Families sometimes looked beyond the North Shore towns for relief from the heat. Fishing camps hovered on stilts out in the Rigolets, at Lake Catherine or Lake Pontchartrain. Suzanne King, a longtime Covington resident, described visiting her Uncle Henry’s camp at Lake Catherine. At night, after the children bedded down on the screened porch, Uncle Henry would come out and announce, “OK kids, hold your breath.” He would pump a puff of Gulf insecticide over each sheet-covered head. A soft mist settled on fingers holding the sheets. That would keep the mosquitoes at bay, at least until all the children were asleep.
Churches in the Deep South defined community before air conditioning and continue to do so today in the small towns on the North Shore. Methods of dealing with the heat have changed. “The fan” in local African American churches did not refer to an electrical appliance but to a handheld device used only by women and girls. Men wore their best suits and suffered silently. Eva Baham and Lily Butler described how women wore fancy dresses, cotton or nylon stockings, heels, hats and gloves. Their one concession to the oppressive heat during the 3 o’clock special program was to fan themselves. Local funeral homes or insurance companies provided cardboard fans that were stacked at the end of each pew. The most fashionable girls produced carefully guarded plastic oriental fans.
The local Catholic Church affixed oscillating fans to the columns running down the nave. A wise parishioner got to Sunday Mass early to position herself back an aisle or two where the breeze was most pronounced.
The Transition: The Attic Fan and the Window Unit
Behind the open screen doors and windows, some lucky folks switched on the attic fan. The noise of the louvers breaking the vacuum and the large blades starting up sounded like a “747 taking off” according to Sheila Delcroix. Air would rush into the house. Box fans and oscillating fans became commonplace, but the days and nights were still hot.
George White remembers only a few stores in Madisonville that boasted the sign “It’s Cool Inside.” Most stores still had fans and a screen door with ads for Merita Bread, Sunbeam or Holsum painted on the center metal bar. Schools on the North Shore, like homes, were air-conditioned piecemeal. As climate control gradually became the norm, and the principal’s office might be the only air-conditioned room in the school building.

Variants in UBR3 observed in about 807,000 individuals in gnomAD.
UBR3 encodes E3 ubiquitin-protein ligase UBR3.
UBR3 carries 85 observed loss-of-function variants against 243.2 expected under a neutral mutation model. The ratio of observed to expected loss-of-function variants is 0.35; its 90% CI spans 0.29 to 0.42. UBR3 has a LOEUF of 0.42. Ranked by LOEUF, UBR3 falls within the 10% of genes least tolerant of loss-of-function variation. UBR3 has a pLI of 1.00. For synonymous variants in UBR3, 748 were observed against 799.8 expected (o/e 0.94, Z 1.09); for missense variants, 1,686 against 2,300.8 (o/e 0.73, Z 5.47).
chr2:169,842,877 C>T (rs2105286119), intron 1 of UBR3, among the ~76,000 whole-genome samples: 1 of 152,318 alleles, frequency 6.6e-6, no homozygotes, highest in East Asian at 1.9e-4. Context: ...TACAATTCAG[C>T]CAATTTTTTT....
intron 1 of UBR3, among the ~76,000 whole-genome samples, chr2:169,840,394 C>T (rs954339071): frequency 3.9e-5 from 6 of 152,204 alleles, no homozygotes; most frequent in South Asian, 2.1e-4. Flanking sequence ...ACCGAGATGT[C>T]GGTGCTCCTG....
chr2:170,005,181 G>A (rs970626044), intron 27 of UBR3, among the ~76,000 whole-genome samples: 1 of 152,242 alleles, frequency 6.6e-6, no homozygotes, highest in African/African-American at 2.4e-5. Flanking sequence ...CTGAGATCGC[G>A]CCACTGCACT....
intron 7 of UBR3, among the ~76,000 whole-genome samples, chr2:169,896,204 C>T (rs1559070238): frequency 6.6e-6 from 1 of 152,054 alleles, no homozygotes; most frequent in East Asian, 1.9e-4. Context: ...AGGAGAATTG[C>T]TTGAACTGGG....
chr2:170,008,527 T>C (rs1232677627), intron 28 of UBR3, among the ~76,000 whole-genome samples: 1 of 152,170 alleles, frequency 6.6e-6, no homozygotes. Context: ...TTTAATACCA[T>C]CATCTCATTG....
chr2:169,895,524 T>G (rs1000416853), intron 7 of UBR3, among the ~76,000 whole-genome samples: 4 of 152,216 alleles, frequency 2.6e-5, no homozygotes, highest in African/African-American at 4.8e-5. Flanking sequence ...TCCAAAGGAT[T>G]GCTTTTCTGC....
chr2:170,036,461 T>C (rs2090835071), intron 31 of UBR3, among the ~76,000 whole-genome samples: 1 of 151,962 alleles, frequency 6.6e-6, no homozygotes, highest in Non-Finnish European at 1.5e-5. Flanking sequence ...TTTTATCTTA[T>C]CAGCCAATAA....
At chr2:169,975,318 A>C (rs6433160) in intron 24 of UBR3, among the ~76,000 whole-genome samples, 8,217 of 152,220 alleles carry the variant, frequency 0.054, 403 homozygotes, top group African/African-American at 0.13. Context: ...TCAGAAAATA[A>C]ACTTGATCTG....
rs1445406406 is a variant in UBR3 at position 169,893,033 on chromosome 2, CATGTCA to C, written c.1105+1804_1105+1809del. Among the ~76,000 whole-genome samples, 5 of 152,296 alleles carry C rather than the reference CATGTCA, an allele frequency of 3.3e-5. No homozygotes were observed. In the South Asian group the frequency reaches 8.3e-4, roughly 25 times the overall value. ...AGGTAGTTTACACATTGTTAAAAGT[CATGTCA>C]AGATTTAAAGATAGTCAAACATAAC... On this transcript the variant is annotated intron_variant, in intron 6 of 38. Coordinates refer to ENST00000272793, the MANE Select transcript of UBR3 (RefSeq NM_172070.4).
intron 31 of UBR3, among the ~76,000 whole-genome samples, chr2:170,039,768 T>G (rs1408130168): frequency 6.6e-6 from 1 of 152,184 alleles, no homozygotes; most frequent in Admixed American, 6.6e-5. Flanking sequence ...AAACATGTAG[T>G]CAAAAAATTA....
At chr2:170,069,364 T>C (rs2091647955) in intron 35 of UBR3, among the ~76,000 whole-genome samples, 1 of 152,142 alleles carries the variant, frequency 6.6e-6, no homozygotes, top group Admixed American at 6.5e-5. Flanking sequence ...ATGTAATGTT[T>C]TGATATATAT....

At home, parents started with their own bedroom. My parents guarded their A-C: “Don’t let the air out!” my mother would cry if I dared to open the bedroom door. Peggy Usner’s parents were more generous. After they installed a Mathis window unit in the master bedroom of their home in New Orleans’ Gentilly neighborhood, her father felt sorry for his daughters suffering through the hot nights across the hall. He created a duct by taping cleaner bags together and attaching the “hose” to one of the unit’s two A-C vents. He ran the hose up the bedroom wall across the ceiling and hallway to their room.
Jim Long recalls his first encounter with his grandparents’ bedroom A-C as a “religious experience.” He would climb up on his grandparents’ bed to gain enough height to stand in front of the vents. The room was dark except for flickering vigil lights in front of his grandmother’s altar, a miniature replica of the one in St. Louis Cathedral.
Central Heat and Air: A Brave New World
Air conditioning evolved from its status as a creature comfort to a right—or at least as a perceived necessity. Air conditioning, the GI Bill and the television set combined to produce tract houses and high-rise apartment buildings in post-World War II America. Not only did we move inside to work, eat and live, we traveled in air conditioned cars between these spaces. Arcenault catalogs the rise of residential A-C from 1951 to 1955 when one in ten homes had some form of air conditioning. By the mid 1960s more than 40 percent of new homes in the region were equipped with central air.
Perhaps the best gauge of how essential A-C is to our lives are the stories told about its temporary disruption following Hurricane Katrina in 2005.
Kate Deshommes weathered the storm in Abita Springs where trees were downed all over her yard. Her house was still habitable, so she coped for a week by wearing a thin cotton nightgown all day and keeping a bathtub full of cold water to soak in. Eva Baham and her husband had remained in their Slidell house during the storm, but the heat in the aftermath became unbearable. The September highs peaked at 97 degrees; the mean temperatures for the month hovered in the 80s. “It was not only hot but the nights were still,” says Baham. “All the animals were gone. There were no birds. Nothing.” They left for Baton Rouge to stay with friends who had central air. “We loved it.”
The storytelling ends for the day, but the participants hang around to share and compare. Even without a porch, mosquitoes and the aroma of supper through open windows, these people have created a real sense of community.
Susan Blalock, Ph.D., professor emerita at the University of Alaska Fairbanks, lives in Abita Springs. She has facilitated several programs for Louisiana Endowment for the Humanities through the St. Tammany Parish Library Adult Programs.